The Hitchhiker's Guide to the Galaxy (Hitchhiker's Guide to the Galaxy, #1) - Douglas Adams
A fun and bumpy ride away from the destruction of the Earth and directly into a vortex of the illogical and the amazing, The Hitchhiker's Guide is a very funny read that frequently knocks its readers onto their toes and takes obvious glee in keeping them there. There's not much more to say about the book that has not already been said, but I will try to point out a few things that I experienced myself as I read it.

The plot twists were truly my favorite parts of the book - the introduction of new ideas, characters or situations are the fertile ground in which Adams stretched his truly awe-inspiring imagination. With that giant boon to the story comes a caveat, however, as sometimes the work suffers from quick stagnation, whenever the plot twists don't stop hurtling by fast enough.

I would say that each plot twist has the expiration length of an apple left out in a container filled with gnats, and if you wanted to take a bite, then I personally would not think any lesser of you if you hurry the process of digestion along a little, if only to save your apple from being fully devoured by hungry insects-

Wait, what was I talking about again? Yes, the best way to experience this book is with a little bit of haste in mind - run through it at breakneck speed, as it leaves you in the best mindset to enjoy reading it. The faster you can get through the handful of scenes that seem to go on for far too long, the better for your experience in the long run.

Adams is still a very funny man, and remarkably little of the humor has aged beyond recognition and, I can imagine, it is still as funny as when it was first released. The cousins Ford and Zaphod are the best parts of comedy in the book, but everyone seems to add their own two cents, in terms of comedy.

Unlike some other books that I have read, Adams does seem to have a gift for effectively using dialogue and usually pretty unobtrusive narration to allow his readers to truly understand his characters. You really do come away from this book with a great understanding of just who is who and what they are like - which is more than I could say for a great many pieces of fiction that have a large cast and a plodding plot.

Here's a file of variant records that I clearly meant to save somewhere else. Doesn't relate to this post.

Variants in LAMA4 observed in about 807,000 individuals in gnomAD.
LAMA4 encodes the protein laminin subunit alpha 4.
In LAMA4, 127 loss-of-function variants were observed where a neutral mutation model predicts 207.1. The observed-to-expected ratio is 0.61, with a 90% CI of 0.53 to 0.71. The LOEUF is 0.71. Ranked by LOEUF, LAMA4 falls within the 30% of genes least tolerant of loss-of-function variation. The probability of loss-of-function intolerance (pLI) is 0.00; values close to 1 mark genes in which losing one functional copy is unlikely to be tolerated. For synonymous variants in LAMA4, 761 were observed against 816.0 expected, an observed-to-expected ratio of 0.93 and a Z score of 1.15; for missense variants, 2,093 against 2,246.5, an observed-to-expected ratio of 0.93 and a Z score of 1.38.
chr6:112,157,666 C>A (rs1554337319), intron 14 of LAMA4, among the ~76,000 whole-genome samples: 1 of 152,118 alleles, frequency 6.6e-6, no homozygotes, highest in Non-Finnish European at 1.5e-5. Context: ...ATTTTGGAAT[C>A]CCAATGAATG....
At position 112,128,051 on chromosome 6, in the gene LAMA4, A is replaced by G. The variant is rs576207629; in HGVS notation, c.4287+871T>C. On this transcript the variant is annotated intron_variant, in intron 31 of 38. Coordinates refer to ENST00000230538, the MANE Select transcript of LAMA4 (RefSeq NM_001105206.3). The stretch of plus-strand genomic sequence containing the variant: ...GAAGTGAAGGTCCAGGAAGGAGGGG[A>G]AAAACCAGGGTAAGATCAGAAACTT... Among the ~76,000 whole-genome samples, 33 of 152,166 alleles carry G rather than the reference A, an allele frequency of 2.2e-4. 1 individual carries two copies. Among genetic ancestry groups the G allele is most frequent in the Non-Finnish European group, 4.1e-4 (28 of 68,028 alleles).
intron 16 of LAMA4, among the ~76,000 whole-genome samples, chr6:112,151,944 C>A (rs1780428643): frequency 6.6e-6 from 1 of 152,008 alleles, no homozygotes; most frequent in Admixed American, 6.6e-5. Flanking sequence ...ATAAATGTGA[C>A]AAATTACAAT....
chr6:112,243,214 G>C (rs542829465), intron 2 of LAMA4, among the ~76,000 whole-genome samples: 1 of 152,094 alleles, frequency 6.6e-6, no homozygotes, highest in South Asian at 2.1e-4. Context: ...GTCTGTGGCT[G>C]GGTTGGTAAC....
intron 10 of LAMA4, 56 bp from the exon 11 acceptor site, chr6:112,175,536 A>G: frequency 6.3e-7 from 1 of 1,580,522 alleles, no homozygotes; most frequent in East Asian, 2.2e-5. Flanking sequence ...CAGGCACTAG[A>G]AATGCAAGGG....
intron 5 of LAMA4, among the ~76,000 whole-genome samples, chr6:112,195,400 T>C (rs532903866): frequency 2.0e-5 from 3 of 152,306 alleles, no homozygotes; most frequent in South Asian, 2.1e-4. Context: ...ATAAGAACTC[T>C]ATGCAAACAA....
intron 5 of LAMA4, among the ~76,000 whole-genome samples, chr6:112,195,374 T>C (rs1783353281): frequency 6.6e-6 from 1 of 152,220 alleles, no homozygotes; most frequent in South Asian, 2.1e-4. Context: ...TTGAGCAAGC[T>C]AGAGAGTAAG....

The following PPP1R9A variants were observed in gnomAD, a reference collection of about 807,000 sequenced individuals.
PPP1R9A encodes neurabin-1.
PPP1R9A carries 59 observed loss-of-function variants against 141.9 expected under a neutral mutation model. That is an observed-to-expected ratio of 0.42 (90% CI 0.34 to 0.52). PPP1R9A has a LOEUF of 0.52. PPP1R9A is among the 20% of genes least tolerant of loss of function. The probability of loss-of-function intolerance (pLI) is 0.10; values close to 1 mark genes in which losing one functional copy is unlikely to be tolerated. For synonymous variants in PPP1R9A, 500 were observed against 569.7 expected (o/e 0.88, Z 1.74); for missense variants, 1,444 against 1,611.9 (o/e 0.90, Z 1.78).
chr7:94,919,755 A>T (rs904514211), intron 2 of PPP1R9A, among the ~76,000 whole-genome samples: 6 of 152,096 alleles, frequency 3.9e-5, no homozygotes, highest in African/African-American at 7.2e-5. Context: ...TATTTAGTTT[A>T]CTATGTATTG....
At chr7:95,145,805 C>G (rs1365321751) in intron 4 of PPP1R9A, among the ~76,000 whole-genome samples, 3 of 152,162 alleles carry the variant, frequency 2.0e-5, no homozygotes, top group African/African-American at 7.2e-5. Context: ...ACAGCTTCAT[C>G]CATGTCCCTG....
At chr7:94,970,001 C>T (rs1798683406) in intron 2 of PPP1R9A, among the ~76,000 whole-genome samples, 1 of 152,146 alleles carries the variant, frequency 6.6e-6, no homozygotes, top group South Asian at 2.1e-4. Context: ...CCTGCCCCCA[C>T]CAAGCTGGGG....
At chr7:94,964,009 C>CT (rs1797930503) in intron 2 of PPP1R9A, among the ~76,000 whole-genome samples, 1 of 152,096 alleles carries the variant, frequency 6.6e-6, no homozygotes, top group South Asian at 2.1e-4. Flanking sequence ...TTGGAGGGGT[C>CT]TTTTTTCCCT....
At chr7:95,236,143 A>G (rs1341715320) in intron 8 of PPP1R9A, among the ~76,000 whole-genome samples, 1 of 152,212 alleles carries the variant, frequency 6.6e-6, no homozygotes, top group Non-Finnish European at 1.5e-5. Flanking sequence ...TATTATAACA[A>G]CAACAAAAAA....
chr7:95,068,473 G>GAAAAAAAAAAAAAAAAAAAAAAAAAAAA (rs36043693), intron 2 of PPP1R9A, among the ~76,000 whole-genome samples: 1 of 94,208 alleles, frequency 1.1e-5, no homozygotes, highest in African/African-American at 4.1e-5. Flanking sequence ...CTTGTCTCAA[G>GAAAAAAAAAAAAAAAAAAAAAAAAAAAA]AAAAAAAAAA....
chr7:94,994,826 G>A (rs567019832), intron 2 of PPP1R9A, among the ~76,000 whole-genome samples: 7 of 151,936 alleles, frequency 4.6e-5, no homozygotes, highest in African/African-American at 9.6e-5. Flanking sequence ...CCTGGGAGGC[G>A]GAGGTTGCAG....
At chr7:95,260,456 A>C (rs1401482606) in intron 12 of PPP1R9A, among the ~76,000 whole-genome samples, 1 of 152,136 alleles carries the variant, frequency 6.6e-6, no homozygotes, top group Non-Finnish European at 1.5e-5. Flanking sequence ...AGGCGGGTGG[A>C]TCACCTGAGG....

Indeed, this book does like to scurry a lot, with very little fat and a lot of good lean. Putting alongside that collection of facts another - that the "crew" of the Heart of Gold are well-written and a blast to read - and you get a lot of reasons why you should give the three collective hours of your time it should take you to read this book.

I wish that I could end it here and give this book a proper, while not perfect five, perhaps closer to a four point five, but when you muzzle that part of you that wants to hail Adams as your only God and berate you for even hinting that his work is not utter perfection, you get that awkward feeling that in quite a few moments in the book you should have been laughing a good deal more, or at the very least, chuckling to yourself. Oh, not that there weren't a great number of truly laugh out loud moments, but a lot of the "laughs" that Adams had orchestrated fell, awkwardly, flat. A good deal of the humor conveyed through dialogue and a few entries of the actual Hitchhiker's Guide just weren't funny when they were meant to be. Y'know, it cannot help but hurt me when I admit that some of Douglas Adams' humor doesn't effect me, but you should never be afraid to call a spade a spade, and while I would say that the journey and a good percentage of the jokes make the book worth reading, it sometimes works much better, for me, as a work of science fiction than it does as a comedy.

I would say that a book with a better equal balancing of comedy and plot would be [b:John Dies at the End|6364718|John Dies at the End (John Dies at the End, #1)|David Wong|http://d.gr-assets.com/books/1317064454s/6364718.jpg|1858059], but when you take into consideration the fact that this book has aged quite a great deal (as we all know, fiction has the lifespan of an animal and basically ages like a dog), this old man can still hold quite a few surprises, even when it is a book whose plot is one of the most readily spoiled in the recent history of literature.

My recommendation - borrow this one from the library, but make a little haste on it. I believe that you won't be let down if you take the chance of reading it, and I'll have to wait to see if the rest of the books in this "trilogy" are just as worthy of my time as this one, if not moreso.